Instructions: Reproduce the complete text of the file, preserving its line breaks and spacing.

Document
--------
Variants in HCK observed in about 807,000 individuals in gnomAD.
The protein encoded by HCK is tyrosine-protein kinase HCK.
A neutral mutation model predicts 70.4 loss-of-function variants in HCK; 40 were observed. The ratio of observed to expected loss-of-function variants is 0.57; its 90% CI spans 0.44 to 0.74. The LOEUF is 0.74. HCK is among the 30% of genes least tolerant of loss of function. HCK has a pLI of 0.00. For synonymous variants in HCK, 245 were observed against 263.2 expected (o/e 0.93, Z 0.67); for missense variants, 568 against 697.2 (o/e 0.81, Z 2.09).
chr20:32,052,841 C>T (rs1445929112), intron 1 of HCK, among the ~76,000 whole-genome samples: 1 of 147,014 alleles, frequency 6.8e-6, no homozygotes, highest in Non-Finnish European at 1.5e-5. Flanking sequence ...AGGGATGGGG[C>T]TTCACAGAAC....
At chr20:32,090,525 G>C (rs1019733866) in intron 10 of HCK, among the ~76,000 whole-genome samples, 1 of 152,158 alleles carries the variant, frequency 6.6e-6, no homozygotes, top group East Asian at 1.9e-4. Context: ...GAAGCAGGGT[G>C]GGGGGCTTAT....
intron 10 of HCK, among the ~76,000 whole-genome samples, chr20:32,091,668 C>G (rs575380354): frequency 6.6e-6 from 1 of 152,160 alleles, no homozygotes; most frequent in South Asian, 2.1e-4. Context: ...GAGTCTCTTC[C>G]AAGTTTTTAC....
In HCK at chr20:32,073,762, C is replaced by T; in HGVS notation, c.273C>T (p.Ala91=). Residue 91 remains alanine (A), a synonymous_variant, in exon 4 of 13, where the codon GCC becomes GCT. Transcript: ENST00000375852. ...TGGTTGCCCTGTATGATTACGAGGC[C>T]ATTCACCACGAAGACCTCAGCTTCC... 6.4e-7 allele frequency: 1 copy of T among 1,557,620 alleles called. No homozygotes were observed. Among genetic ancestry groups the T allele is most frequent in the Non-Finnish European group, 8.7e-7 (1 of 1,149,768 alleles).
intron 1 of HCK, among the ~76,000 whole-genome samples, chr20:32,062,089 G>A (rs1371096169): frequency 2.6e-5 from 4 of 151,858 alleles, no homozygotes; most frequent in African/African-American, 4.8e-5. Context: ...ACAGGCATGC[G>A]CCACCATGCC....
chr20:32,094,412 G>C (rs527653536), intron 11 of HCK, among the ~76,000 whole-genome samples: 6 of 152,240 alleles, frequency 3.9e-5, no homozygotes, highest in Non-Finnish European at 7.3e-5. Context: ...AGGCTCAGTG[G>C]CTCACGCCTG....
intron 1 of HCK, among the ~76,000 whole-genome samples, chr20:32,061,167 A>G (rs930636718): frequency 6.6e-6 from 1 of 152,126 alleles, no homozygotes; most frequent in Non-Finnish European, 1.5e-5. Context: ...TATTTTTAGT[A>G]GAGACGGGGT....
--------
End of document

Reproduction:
Variants in HCK observed in about 807,000 individuals in gnomAD.
The protein encoded by HCK is tyrosine-protein kinase HCK.
A neutral mutation model predicts 70.4 loss-of-function variants in HCK; 40 were observed. The ratio of observed to expected loss-of-function variants is 0.57; its 90% CI spans 0.44 to 0.74. The LOEUF is 0.74. HCK is among the 30% of genes least tolerant of loss of function. HCK has a pLI of 0.00. For synonymous variants in HCK, 245 were observed against 263.2 expected (o/e 0.93, Z 0.67); for missense variants, 568 against 697.2 (o/e 0.81, Z 2.09).
chr20:32,052,841 C>T (rs1445929112), intron 1 of HCK, among the ~76,000 whole-genome samples: 1 of 147,014 alleles, frequency 6.8e-6, no homozygotes, highest in Non-Finnish European at 1.5e-5. Flanking sequence ...AGGGATGGGG[C>T]TTCACAGAAC....
At chr20:32,090,525 G>C (rs1019733866) in intron 10 of HCK, among the ~76,000 whole-genome samples, 1 of 152,158 alleles carries the variant, frequency 6.6e-6, no homozygotes, top group East Asian at 1.9e-4. Context: ...GAAGCAGGGT[G>C]GGGGGCTTAT....
intron 10 of HCK, among the ~76,000 whole-genome samples, chr20:32,091,668 C>G (rs575380354): frequency 6.6e-6 from 1 of 152,160 alleles, no homozygotes; most frequent in South Asian, 2.1e-4. Context: ...GAGTCTCTTC[C>G]AAGTTTTTAC....
In HCK at chr20:32,073,762, C is replaced by T; in HGVS notation, c.273C>T (p.Ala91=). Residue 91 remains alanine (A), a synonymous_variant, in exon 4 of 13, where the codon GCC becomes GCT. Transcript: ENST00000375852. ...TGGTTGCCCTGTATGATTACGAGGC[C>T]ATTCACCACGAAGACCTCAGCTTCC... 6.4e-7 allele frequency: 1 copy of T among 1,557,620 alleles called. No homozygotes were observed. Among genetic ancestry groups the T allele is most frequent in the Non-Finnish European group, 8.7e-7 (1 of 1,149,768 alleles).
intron 1 of HCK, among the ~76,000 whole-genome samples, chr20:32,062,089 G>A (rs1371096169): frequency 2.6e-5 from 4 of 151,858 alleles, no homozygotes; most frequent in African/African-American, 4.8e-5. Context: ...ACAGGCATGC[G>A]CCACCATGCC....
chr20:32,094,412 G>C (rs527653536), intron 11 of HCK, among the ~76,000 whole-genome samples: 6 of 152,240 alleles, frequency 3.9e-5, no homozygotes, highest in Non-Finnish European at 7.3e-5. Context: ...AGGCTCAGTG[G>C]CTCACGCCTG....
intron 1 of HCK, among the ~76,000 whole-genome samples, chr20:32,061,167 A>G (rs930636718): frequency 6.6e-6 from 1 of 152,126 alleles, no homozygotes; most frequent in Non-Finnish European, 1.5e-5. Context: ...TATTTTTAGT[A>G]GAGACGGGGT....